Love & Sex

The Science of Sex: The “Gay Brain” Revisited

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The "Gay Brain" Revisited

By Simon LeVay

In August of 1991, while I was on the faculty of the Salk Institute in San Diego, I published a short paper in Science in which I reported on a difference in brain structure between straight and gay men. The difference was in a group of nerve cells called "INAH3." This cell group is located in a brain region known as the hypothalamus, which among other tasks helps generate our sexual behavior. Other researchers had previously reported that INAH3 was larger (on average) in men than in women. What I reported, based on a study of about forty brains obtained at autopsy, was that INAH3 was also larger in straight men than in gay men.

Being a science nerd whose previous papers had been ignored by everyone except my mother, I didn't expect anyone to pay attention to this one either. So I was quite taken aback when the "Gay Brain," as it was quickly dubbed, provoked a tremendous media splash. On the front page of the San Diego Union-Tribune it even took precedence over the collapse of Communism, which happened on the same day. People's reactions to my report were very mixed: there were people who loved it and there were people who loathed it, but almost everyone had some opinion about it. One widely expressed opinion (with which I agreed) was that the study needed to be replicated before its findings could be considered part of accepted scientific knowledge.

One of the most outspoken critics of my paper was William Byne, a neuroscientist and psychiatrist who is now on the faculty at Mt. Sinai Medical Center in New York. Initially, Byne suggested that INAH3 might not even exist. If it did exist, he said, it was probably the same size in men and women. And any difference that I had found between gay and straight men was most likely due to differences in the men's cause of death, rather than their sexual orientation. (All the gay men in my study had died of complications of AIDS.)

Unlike most of my critics, who tended to be humanities professors or right-wing clerics, Byne had the appropriate training to do a replication study, and he quickly embarked on one. With the help of several colleagues, he set about collecting and analyzing a new set of brain samples. Before too long, Byne had verified that INAH3 does exist, that it is generally larger in men than women and that the cause of death (AIDS versus other diseases) does not affect its size. However, years went by without any announcement concerning the key question — is there a size difference related to sexual orientation?

Finally, on August 6 of this year, Byne presented his data at an international conference in Madrid. According to an account of the meeting in the Spanish newspaper La Raza, Byne reported that INAH3 was indeed larger in the straight men than in the gay men in his sample, in line with my 1991 Science report. Byne tells me that the difference was not as large as I had found, however. He declined to discuss the details of his statistical analysis prior to publication in a scientific journal.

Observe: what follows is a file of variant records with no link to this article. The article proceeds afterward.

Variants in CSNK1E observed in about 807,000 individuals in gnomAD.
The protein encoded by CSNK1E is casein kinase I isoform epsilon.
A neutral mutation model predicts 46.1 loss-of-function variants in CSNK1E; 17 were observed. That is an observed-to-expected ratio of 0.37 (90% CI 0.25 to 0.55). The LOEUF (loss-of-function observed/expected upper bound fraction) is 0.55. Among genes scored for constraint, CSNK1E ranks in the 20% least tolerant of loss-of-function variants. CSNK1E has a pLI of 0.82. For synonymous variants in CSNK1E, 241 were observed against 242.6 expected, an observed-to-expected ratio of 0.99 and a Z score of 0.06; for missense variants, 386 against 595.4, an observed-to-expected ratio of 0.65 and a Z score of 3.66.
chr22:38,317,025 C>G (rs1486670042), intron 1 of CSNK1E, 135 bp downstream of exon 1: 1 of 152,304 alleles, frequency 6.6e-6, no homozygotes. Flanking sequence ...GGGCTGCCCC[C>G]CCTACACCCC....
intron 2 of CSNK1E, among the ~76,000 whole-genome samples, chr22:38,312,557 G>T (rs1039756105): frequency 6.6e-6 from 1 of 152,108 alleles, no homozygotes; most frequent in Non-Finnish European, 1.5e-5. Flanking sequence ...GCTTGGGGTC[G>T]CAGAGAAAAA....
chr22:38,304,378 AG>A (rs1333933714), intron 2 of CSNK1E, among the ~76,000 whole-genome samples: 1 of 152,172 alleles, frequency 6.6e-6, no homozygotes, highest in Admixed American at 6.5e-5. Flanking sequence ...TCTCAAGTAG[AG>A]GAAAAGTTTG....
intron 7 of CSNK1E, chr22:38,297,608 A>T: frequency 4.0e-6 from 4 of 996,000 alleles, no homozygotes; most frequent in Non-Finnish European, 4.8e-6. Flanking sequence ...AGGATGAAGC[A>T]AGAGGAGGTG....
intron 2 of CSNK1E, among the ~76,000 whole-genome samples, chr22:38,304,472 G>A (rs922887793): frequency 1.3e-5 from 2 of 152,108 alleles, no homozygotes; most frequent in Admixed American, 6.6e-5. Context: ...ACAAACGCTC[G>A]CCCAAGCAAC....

La Raza did mention an interesting new detail. In spite of the size difference, Byne found that INAH3 contained the same number of nerve cells in the gay and straight men. If confirmed, this finding would suggest that there is no difference between gay and straight men in the earliest phase of brain development, when nerve cells are being generated and assemble into functional groups. Rather, the difference may arise at some later time, when the nerve cells in INAH3 are growing and forming connections.

What could cause such a difference in growth? There is a wide range of possibilities, ranging from genetic differences between individuals, differences in the levels of hormones (especially testosterone) that regulate cell growth in the hypothalamus and even differences in pre- or postnatal environment that could impact the growth of INAH3 through a variety of means.

Thus the findings on INAH3 to date do not prove a particular theory of sexual orientation as much as they point to ways in which such theories could be tested in the future. For example, if the technology becomes available to image INAH3 in living people, one could hope to establish the age at which the development of gay and straight men's brains diverges. Obviously, the factors causing the divergence must operate at or before that age. My prediction, based on animal experiments, is that the divergence happens before birth, but we don't yet know that for a fact.

Even without my research, we knew that there has to be some structural or chemical difference between the brains of gay and straight people. The alternative — that the difference resides only in patterns of brain activity — has been ruled out, because sexual orientation remains unchanged after all brain activity has been temporarily halted (by brain cooling or deep anesthesia, for example). What's surprising about the gay/straight difference in INAH3, then, is simply that it is so localized and obvious, rather than being diffusely spread through the synaptic architecture of the entire brain. This offers the hope that we will eventually be able to understand the origins of sexual orientation at a cellular level.